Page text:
In 1980, a 19 year old Louis Perry left his native Greenpoint to pursue an acting career in Los Angeles. Although he landed a few TV roles, his big break came when he was hired as a department store security guard. A promotion to lobby director led to the discovery that his real skills lay in management, which he honed for years afterwards as an independent security consultant. After being hired to head security for an Al Gore speech in 2001, Perry expanded his clientele to Washington officials, celebrities and members of the Saudi royal family. Today, he is the founder and president of Kadima Security Services, a company boasting 300 employees and 95 clients, all of whom he has personally signed. Achieving such a high level of success was not easy, he said, and required discipline and social expertise he developed growing up in the neighborhood.
Born to an African-American father and Dominican mother, Perry stood out in a predominantly white community. Occasional name calling aside, he was a popular kid with a talent for friendship. “I was the Clarence Clemons of Greenpoint!” Perry recalled, during a telephone interview with the Gazette. “But I was accepted by my neighbors, and I learned to be accepting of different people, whether they were Italian, Polish or Jewish. My mother taught me to treat everyone equally, and to be a successful businessperson you have to establish relationships with people of all backgrounds.”
Other values were instilled at St. Cecilia’s School, where Perry was virtually raised on the basketball court. (The institution closed in 2009.) In time, his school team became his second family and he learned much about respect from his adopted brothers. “I was very fortunate to have hung out with a very good, unique group of human beings,” Perry stressed. “We didn’t do drugs or get into trouble. We worked hard, ate pizza and went to the Greenpoint Y. And when school closed, we’d still play ball in the school courtyard. No one ever mentioned race.” One former teammate, Jim Baron, went on to coach basketball at the University of Rhode Island.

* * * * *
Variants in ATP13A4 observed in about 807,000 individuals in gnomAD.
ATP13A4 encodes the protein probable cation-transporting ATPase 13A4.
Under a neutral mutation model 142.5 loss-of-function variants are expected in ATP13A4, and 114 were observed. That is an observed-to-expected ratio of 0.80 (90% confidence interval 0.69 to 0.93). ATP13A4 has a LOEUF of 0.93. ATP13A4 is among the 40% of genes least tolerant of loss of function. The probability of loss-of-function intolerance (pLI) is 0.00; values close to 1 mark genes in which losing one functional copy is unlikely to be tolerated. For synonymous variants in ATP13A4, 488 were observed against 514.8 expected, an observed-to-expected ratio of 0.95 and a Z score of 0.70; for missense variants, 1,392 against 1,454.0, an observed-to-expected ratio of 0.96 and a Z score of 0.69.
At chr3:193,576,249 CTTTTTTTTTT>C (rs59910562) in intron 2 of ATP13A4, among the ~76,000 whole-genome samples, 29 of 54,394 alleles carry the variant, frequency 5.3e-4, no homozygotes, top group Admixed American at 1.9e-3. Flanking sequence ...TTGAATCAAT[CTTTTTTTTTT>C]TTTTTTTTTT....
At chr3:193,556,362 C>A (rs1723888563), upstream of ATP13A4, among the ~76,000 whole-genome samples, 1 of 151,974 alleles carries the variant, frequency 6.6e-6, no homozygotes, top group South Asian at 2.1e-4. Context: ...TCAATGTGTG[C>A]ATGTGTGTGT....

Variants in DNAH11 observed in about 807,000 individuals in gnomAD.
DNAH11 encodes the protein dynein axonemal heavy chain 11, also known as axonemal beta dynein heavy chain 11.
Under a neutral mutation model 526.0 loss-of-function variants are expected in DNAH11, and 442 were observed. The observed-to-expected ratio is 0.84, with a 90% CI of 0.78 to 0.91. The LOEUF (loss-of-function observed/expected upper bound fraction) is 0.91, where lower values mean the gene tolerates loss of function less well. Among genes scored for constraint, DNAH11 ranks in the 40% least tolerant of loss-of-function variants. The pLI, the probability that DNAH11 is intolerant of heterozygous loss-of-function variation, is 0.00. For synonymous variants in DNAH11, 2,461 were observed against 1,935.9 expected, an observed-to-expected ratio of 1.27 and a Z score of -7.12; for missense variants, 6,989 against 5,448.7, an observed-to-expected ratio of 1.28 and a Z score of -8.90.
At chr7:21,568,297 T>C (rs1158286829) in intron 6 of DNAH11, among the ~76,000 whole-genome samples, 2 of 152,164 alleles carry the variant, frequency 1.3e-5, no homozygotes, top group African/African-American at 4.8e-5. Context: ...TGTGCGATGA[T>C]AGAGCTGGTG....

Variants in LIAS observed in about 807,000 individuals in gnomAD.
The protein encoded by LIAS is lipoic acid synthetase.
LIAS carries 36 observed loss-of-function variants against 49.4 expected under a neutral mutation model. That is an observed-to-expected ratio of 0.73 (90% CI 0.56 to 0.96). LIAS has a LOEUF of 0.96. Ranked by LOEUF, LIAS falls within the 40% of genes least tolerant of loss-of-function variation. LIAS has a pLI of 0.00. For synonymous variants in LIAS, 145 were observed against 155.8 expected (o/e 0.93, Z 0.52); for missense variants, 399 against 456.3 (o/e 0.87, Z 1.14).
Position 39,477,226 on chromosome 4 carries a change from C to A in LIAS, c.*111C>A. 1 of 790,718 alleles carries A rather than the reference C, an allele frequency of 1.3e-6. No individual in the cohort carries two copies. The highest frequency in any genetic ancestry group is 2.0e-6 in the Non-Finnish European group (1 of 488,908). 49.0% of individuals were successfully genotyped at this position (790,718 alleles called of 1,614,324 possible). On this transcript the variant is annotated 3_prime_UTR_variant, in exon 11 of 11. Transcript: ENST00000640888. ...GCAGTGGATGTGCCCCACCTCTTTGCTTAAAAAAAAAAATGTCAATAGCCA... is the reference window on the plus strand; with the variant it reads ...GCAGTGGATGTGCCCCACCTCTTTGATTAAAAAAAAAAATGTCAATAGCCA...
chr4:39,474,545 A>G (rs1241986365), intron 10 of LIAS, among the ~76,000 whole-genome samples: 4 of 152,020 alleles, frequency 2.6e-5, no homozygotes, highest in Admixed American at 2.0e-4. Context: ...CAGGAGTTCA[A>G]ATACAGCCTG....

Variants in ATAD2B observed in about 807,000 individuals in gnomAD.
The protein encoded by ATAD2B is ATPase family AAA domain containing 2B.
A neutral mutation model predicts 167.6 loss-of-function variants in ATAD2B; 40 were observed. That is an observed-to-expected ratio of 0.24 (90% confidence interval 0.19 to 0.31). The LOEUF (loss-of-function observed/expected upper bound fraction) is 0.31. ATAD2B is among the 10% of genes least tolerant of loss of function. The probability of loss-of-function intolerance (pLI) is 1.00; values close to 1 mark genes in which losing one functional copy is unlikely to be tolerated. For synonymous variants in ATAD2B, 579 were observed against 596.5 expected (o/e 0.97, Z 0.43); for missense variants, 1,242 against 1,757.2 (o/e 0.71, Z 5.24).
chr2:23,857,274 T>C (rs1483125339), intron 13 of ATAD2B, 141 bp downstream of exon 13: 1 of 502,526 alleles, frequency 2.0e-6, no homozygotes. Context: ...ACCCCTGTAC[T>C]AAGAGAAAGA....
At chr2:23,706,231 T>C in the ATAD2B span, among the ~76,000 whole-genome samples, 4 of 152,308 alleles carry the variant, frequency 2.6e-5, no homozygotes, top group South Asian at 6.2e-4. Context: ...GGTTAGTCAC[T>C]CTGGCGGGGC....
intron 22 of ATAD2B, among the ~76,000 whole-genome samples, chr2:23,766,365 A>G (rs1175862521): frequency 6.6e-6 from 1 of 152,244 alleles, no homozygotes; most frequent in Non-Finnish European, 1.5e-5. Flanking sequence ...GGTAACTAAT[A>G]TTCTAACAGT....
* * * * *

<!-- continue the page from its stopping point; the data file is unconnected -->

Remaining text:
Not surprisingly, Perry’s strongest mentor was his basketball coach, Fred Rubino, who went on to success as principal of IS 318 and later as superintendent of District 14. “When Fred was happy, it was great,” said Perry. “But you didn’t want to see Fred mad. He pushed me to the limit, and never let you think you couldn’t make it. I made that the platform of my life, and I still carry his teachings with me.”
Despite a workaholic schedule, Perry still visits family and friends in Greenpoint every two years. While impressed by his neighborhood’s transformation, the hometown boy worries about recent developments such as the spate of incidents at the reopened McCarren Park Pool, and had security tips for anyone going for a dip. “First, get your political leaders to make sure there is sufficient security at the pool 24/7,” advised Perry. “Second, don’t let your kids go to the pool alone without proper supervision, and make sure they hang out in groups of friends. Also, if you come in your car, make it difficult for the criminal to steal your vehicle and don’t leave any valuable items in plain sight. And finally, only bring the money you need in your bag. Don’t carry a credit card, or expensive jewelry, and just take a cheap bag. Don’t bring Louis Vuitton to the pool.”
Perry hopes to continue sharing the wisdom gleaned from his experiences. He reaches out to children through motivational speeches in LA, and is eager to do the same in Greenpoint as a way of paying it forward. “I’m grateful to God to have given me the opportunity to have been raised in this neighborhood,” said Perry, “and also for all the tremendously incredible friends I’ve had.”
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